U.K. government co-owns satellite startup with India’s Bharti
Company to beam broadband from hundreds of small satellites
OneWeb is set to emerge from bankruptcy after the British government completed its acquisition of the troubled satellite operator, signaling a more interventionist industrial strategy after Brexit.
Completion of the $1 billion deal is expected to be announced on Friday afternoon after the deal cleared regulatory hurdles, according to people familiar with the matter who asked not to be named. A new chief executive officer and a target date to resume launches in mid-December are also set to be announced, they said.
The U.K. in July teamed up with an arm of Indian telecommunications tycoon Sunil Mittal’s Bharti Enterprises Ltd. to win an auction for the bankrupt company. It pushed the buyout through quickly in the face of concern among civil servants that the investment could sour.
OneWeb was founded in 2012 to build a constellation of small satellites beaming 4G-like internet connections to isolated places from a low-earth orbit. It raised $3.4 billion from Softbank Group Corp., Airbus SE and other big names, but lead investors pulled their money at the height of the coronavirus pandemic. The company may find it easier to turn a profit now that billions of dollars in initial spending have been written off in the bankruptcy.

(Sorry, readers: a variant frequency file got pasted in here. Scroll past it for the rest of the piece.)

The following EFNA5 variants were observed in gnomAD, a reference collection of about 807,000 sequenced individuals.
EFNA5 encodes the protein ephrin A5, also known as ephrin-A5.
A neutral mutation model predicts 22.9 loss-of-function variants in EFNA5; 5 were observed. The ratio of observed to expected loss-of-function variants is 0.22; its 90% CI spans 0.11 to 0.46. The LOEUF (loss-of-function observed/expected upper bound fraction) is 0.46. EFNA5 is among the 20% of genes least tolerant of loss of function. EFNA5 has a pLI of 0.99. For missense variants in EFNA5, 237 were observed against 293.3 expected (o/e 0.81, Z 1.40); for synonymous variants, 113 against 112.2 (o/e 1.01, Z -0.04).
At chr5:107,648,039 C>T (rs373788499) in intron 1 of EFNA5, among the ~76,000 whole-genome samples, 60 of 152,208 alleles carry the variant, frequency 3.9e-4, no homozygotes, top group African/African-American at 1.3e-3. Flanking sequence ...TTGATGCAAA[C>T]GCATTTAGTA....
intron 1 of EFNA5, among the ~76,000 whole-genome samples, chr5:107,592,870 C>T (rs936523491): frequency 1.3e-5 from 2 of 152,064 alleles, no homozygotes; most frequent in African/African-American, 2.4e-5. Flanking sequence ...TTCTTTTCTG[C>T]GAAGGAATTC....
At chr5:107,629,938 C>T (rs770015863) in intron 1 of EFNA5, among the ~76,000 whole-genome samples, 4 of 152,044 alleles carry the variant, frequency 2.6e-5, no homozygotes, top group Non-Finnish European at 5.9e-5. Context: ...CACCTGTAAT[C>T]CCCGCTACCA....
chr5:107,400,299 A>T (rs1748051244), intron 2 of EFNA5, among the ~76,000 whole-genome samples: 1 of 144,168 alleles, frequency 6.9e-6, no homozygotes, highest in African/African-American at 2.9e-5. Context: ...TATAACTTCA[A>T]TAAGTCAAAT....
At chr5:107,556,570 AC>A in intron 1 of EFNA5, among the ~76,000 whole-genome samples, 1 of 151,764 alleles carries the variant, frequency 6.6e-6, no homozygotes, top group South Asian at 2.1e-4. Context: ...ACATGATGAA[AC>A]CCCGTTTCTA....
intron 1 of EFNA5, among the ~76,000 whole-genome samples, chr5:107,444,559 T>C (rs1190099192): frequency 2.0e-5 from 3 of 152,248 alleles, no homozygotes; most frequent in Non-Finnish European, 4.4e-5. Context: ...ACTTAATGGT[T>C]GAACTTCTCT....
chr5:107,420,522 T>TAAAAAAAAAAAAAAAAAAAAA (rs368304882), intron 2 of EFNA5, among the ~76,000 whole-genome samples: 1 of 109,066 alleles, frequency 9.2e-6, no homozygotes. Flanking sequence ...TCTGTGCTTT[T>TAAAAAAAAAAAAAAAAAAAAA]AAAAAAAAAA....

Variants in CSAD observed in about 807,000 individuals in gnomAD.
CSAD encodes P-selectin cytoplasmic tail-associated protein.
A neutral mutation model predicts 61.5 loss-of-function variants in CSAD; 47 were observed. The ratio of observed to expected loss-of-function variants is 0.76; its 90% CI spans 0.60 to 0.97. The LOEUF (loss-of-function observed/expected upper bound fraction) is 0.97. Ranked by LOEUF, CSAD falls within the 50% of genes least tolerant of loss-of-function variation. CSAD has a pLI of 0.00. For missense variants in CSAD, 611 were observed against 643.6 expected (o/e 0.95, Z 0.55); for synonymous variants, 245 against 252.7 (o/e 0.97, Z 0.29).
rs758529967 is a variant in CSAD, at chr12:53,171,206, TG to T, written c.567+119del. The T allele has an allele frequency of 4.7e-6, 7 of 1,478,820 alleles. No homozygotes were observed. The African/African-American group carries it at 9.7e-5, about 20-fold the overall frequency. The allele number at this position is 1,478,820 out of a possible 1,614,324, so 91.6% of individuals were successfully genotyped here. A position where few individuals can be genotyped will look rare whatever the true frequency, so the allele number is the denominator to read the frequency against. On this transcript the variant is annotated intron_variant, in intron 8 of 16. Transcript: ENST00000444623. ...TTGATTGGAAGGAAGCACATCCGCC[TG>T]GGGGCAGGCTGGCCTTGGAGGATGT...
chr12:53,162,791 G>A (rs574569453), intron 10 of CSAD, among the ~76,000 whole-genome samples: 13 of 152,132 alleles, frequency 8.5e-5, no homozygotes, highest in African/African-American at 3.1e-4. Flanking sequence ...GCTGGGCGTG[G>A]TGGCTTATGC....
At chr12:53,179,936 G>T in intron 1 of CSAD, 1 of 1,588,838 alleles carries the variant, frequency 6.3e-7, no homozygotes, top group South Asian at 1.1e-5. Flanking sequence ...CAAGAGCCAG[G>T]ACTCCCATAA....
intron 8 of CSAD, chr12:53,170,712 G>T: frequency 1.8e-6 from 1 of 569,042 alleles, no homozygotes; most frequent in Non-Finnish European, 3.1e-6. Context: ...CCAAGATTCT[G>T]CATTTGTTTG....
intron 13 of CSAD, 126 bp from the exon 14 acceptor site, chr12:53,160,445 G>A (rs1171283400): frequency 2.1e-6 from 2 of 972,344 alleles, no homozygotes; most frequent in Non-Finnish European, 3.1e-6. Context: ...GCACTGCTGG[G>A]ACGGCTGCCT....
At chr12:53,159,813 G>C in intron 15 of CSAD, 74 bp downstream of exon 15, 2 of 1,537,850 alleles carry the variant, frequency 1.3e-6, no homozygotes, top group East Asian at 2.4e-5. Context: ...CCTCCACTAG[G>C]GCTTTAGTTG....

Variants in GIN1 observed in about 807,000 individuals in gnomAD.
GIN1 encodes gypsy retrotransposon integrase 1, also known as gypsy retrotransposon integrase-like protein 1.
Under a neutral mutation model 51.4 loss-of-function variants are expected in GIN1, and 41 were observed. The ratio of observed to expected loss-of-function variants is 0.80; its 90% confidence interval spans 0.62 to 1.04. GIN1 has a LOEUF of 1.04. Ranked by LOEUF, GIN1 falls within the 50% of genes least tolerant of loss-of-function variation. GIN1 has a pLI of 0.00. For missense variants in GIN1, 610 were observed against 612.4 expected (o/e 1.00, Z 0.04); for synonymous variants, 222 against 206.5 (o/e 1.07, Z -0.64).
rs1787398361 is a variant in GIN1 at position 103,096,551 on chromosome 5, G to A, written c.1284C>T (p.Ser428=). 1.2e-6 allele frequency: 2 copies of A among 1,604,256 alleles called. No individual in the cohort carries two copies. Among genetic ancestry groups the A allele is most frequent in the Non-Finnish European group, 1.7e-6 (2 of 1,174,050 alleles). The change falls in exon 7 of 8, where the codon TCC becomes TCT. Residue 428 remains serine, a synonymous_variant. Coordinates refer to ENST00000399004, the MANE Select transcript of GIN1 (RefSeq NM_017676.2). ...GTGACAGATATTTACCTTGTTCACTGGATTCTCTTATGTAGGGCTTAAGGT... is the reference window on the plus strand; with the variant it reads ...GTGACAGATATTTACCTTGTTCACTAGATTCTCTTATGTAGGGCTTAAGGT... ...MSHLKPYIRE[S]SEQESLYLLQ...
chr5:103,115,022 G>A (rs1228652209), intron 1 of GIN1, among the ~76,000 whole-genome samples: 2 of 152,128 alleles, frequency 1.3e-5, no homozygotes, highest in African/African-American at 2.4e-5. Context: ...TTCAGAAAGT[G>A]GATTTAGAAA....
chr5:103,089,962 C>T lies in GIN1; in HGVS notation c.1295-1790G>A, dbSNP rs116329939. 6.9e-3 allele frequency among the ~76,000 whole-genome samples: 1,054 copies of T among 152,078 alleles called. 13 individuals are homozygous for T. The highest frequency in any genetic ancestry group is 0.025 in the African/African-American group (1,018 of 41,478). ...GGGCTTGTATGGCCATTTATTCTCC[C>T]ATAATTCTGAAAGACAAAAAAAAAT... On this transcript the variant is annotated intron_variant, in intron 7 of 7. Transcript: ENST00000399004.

New co-owner Bharti has more than 400 million customers and wants to use OneWeb to connect people in remote locations. It currently has 74 satellites in space, of an initial planned constellation of about 650.
— With assistance by Thomas Pfeiffer